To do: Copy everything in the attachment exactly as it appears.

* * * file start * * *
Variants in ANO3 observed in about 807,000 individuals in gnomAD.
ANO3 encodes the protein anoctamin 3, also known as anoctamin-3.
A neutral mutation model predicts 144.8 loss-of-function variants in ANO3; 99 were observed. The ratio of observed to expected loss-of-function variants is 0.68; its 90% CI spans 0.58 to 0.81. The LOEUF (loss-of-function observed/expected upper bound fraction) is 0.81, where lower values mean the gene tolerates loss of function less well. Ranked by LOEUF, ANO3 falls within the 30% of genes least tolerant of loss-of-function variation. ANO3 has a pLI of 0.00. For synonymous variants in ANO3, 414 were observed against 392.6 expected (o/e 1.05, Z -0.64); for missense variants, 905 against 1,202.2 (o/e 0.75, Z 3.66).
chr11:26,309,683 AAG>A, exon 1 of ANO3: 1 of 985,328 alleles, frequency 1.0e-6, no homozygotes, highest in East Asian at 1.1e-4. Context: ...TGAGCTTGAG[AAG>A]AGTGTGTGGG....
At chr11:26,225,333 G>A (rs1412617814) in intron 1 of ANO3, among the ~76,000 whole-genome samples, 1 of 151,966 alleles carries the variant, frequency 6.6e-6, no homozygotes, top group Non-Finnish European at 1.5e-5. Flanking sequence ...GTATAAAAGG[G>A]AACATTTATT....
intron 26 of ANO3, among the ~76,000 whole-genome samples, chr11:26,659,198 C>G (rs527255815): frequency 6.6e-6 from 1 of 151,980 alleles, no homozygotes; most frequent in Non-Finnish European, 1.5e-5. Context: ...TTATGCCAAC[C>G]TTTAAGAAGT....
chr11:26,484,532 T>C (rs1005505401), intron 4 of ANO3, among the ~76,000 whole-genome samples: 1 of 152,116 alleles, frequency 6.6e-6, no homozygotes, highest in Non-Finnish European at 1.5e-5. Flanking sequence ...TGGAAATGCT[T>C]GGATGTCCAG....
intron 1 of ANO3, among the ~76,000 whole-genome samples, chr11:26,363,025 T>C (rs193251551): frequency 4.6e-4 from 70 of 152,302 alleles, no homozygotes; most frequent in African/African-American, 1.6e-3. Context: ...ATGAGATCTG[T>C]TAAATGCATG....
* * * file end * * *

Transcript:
Variants in ANO3 observed in about 807,000 individuals in gnomAD.
ANO3 encodes the protein anoctamin 3, also known as anoctamin-3.
A neutral mutation model predicts 144.8 loss-of-function variants in ANO3; 99 were observed. The ratio of observed to expected loss-of-function variants is 0.68; its 90% CI spans 0.58 to 0.81. The LOEUF (loss-of-function observed/expected upper bound fraction) is 0.81, where lower values mean the gene tolerates loss of function less well. Ranked by LOEUF, ANO3 falls within the 30% of genes least tolerant of loss-of-function variation. ANO3 has a pLI of 0.00. For synonymous variants in ANO3, 414 were observed against 392.6 expected (o/e 1.05, Z -0.64); for missense variants, 905 against 1,202.2 (o/e 0.75, Z 3.66).
chr11:26,309,683 AAG>A, exon 1 of ANO3: 1 of 985,328 alleles, frequency 1.0e-6, no homozygotes, highest in East Asian at 1.1e-4. Context: ...TGAGCTTGAG[AAG>A]AGTGTGTGGG....
At chr11:26,225,333 G>A (rs1412617814) in intron 1 of ANO3, among the ~76,000 whole-genome samples, 1 of 151,966 alleles carries the variant, frequency 6.6e-6, no homozygotes, top group Non-Finnish European at 1.5e-5. Flanking sequence ...GTATAAAAGG[G>A]AACATTTATT....
intron 26 of ANO3, among the ~76,000 whole-genome samples, chr11:26,659,198 C>G (rs527255815): frequency 6.6e-6 from 1 of 151,980 alleles, no homozygotes; most frequent in Non-Finnish European, 1.5e-5. Context: ...TTATGCCAAC[C>G]TTTAAGAAGT....
chr11:26,484,532 T>C (rs1005505401), intron 4 of ANO3, among the ~76,000 whole-genome samples: 1 of 152,116 alleles, frequency 6.6e-6, no homozygotes, highest in Non-Finnish European at 1.5e-5. Flanking sequence ...TGGAAATGCT[T>C]GGATGTCCAG....
intron 1 of ANO3, among the ~76,000 whole-genome samples, chr11:26,363,025 T>C (rs193251551): frequency 4.6e-4 from 70 of 152,302 alleles, no homozygotes; most frequent in African/African-American, 1.6e-3. Context: ...ATGAGATCTG[T>C]TAAATGCATG....